This morning I was thinking about the contemporary mantra "It Is What It Is," and I revisited my previous post about it.
Friday, January 22, 2010
As logically ridiculous as this expression is, I find myself using it from time to time. It usually comes cascading out of my mouth after I have worked myself into a near-frenzy while emphatically and conclusively demonstrating that somehow what is, isn't. Or what is, isn't really, though maybe sometimes.
It's as if I try to convince myself to not trust reality. Rather, I must shift reality somehow. The thing about trying to shift reality is that it never works. But I keep doing it. It must be entertaining.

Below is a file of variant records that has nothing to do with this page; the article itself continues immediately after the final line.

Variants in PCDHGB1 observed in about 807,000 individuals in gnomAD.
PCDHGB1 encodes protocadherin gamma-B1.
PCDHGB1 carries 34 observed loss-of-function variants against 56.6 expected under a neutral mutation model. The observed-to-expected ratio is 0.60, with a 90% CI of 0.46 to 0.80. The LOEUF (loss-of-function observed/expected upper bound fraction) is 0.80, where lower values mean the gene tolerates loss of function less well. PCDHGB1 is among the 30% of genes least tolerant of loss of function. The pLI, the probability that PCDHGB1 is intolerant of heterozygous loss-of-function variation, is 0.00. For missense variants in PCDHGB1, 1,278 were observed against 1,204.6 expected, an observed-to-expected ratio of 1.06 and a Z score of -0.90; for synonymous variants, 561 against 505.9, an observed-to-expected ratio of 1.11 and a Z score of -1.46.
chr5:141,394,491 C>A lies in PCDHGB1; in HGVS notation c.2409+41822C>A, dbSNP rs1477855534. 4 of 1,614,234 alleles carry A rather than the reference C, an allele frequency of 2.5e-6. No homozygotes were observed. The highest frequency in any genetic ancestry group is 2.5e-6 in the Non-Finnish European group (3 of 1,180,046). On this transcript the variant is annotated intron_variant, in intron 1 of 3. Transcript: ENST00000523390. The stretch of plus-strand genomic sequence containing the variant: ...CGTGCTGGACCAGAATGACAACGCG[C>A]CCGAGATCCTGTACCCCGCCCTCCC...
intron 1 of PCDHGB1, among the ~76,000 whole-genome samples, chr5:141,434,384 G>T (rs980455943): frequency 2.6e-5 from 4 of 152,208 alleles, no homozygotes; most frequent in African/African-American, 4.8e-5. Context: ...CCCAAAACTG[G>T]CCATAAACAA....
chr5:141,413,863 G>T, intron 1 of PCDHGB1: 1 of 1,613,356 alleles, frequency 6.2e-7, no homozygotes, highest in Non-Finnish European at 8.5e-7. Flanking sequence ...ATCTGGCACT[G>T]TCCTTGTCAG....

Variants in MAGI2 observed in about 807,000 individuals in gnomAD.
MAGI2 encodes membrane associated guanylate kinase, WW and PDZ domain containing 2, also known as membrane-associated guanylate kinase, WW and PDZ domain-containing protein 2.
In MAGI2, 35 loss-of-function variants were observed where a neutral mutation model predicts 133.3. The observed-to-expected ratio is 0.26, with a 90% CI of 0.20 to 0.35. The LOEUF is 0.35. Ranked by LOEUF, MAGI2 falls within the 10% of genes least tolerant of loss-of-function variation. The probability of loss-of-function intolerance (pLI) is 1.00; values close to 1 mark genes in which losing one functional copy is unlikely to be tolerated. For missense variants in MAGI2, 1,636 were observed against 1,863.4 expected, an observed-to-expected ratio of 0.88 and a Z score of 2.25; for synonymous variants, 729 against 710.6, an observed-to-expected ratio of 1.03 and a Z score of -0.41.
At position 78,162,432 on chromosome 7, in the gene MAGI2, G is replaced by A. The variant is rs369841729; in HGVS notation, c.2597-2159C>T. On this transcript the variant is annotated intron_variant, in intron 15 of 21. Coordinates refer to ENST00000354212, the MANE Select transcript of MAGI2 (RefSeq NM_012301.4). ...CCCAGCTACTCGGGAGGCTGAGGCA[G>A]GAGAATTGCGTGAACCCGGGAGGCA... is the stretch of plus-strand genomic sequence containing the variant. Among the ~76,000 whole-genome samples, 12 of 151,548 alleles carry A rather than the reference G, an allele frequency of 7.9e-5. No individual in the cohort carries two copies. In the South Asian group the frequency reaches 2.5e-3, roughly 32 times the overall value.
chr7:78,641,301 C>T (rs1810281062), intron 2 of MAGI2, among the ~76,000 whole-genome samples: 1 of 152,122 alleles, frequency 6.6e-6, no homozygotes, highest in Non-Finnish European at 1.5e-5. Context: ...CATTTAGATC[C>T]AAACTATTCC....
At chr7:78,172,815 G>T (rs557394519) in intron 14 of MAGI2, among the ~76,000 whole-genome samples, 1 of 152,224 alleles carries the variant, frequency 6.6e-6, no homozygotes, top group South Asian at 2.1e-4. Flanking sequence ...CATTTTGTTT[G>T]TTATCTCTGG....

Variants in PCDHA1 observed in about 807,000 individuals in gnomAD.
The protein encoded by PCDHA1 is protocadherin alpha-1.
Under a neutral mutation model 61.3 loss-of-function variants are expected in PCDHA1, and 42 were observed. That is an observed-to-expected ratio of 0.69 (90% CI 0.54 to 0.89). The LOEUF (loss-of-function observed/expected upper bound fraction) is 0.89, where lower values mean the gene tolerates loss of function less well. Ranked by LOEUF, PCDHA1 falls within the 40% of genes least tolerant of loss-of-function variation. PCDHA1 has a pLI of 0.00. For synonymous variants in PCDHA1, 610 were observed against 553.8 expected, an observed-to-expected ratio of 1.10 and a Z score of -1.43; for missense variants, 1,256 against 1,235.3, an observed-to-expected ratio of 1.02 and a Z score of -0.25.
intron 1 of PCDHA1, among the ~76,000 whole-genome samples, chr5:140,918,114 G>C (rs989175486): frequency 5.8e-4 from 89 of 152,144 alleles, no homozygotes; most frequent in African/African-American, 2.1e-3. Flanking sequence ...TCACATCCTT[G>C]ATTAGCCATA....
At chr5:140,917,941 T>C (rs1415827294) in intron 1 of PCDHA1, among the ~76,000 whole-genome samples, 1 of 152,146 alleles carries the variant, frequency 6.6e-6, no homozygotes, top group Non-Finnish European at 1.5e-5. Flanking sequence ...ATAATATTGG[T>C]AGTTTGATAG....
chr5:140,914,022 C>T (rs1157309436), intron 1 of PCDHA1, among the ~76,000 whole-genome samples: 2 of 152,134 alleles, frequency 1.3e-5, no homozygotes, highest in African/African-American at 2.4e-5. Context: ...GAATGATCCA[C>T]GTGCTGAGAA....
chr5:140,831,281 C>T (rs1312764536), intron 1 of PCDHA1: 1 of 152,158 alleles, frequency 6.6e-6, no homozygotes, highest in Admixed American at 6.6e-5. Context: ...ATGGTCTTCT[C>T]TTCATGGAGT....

The theological equivalent of the statement "it is what it is" is "is is." We should be able to say just "is." But we need to somehow fortify or clarify, and so we say "is is" or "God is." There is no blank to fill in after "God is." At least not logically. We do say things like "God is love" to help explain what God is like. But theologically, there is no word after "God is."
This why I say "I believe in God," rather than "I believe in a God" or "I believe in the God." God is not a being. God is being.